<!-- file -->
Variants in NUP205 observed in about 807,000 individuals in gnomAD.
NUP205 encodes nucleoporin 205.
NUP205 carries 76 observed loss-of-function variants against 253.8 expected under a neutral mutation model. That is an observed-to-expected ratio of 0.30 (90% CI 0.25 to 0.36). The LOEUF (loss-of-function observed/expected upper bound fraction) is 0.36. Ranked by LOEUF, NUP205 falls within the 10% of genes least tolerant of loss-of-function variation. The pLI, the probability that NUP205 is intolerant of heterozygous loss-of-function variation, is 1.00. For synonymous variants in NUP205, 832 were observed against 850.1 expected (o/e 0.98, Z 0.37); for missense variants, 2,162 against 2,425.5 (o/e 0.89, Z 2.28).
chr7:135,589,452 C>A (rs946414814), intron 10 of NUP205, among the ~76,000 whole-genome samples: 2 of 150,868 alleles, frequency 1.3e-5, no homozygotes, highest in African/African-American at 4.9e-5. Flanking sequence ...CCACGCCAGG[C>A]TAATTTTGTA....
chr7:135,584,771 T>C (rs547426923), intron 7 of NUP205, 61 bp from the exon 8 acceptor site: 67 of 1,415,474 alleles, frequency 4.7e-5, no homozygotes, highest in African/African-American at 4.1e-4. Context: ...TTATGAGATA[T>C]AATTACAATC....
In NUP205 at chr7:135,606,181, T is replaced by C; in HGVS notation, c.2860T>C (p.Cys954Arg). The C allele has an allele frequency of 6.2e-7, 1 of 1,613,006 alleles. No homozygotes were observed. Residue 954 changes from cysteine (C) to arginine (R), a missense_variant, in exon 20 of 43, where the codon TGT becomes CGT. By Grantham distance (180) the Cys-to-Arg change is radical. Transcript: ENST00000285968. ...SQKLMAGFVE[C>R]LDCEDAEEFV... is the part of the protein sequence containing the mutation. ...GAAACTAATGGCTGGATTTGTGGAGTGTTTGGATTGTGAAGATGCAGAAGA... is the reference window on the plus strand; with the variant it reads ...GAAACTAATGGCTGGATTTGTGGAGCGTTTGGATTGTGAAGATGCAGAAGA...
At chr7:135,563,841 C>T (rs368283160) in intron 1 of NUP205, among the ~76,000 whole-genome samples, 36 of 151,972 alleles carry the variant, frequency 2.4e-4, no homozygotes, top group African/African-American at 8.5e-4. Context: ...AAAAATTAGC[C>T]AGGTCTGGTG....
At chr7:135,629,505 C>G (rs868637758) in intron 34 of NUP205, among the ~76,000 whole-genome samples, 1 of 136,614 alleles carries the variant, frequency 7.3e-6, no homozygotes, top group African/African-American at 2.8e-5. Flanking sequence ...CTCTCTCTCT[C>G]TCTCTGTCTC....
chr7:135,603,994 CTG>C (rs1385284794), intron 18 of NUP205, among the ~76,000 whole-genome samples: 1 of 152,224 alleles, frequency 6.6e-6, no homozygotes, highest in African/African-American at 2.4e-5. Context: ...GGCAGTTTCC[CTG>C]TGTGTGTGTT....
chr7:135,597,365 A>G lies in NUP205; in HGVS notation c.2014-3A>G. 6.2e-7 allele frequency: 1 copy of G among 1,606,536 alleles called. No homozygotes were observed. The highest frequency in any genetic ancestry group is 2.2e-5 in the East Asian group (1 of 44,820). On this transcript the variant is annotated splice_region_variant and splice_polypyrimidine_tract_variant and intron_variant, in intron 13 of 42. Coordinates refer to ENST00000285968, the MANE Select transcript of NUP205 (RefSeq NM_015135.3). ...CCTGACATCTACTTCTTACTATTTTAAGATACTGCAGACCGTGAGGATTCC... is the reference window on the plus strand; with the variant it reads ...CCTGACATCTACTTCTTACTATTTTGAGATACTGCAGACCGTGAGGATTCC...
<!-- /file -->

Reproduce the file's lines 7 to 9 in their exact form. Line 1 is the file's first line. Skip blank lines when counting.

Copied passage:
At chr7:135,563,841 C>T (rs368283160) in intron 1 of NUP205, among the ~76,000 whole-genome samples, 36 of 151,972 alleles carry the variant, frequency 2.4e-4, no homozygotes, top group African/African-American at 8.5e-4. Context: ...AAAAATTAGC[C>T]AGGTCTGGTG....
At chr7:135,629,505 C>G (rs868637758) in intron 34 of NUP205, among the ~76,000 whole-genome samples, 1 of 136,614 alleles carries the variant, frequency 7.3e-6, no homozygotes, top group African/African-American at 2.8e-5. Flanking sequence ...CTCTCTCTCT[C>G]TCTCTGTCTC....
chr7:135,603,994 CTG>C (rs1385284794), intron 18 of NUP205, among the ~76,000 whole-genome samples: 1 of 152,224 alleles, frequency 6.6e-6, no homozygotes, highest in African/African-American at 2.4e-5. Context: ...GGCAGTTTCC[CTG>C]TGTGTGTGTT....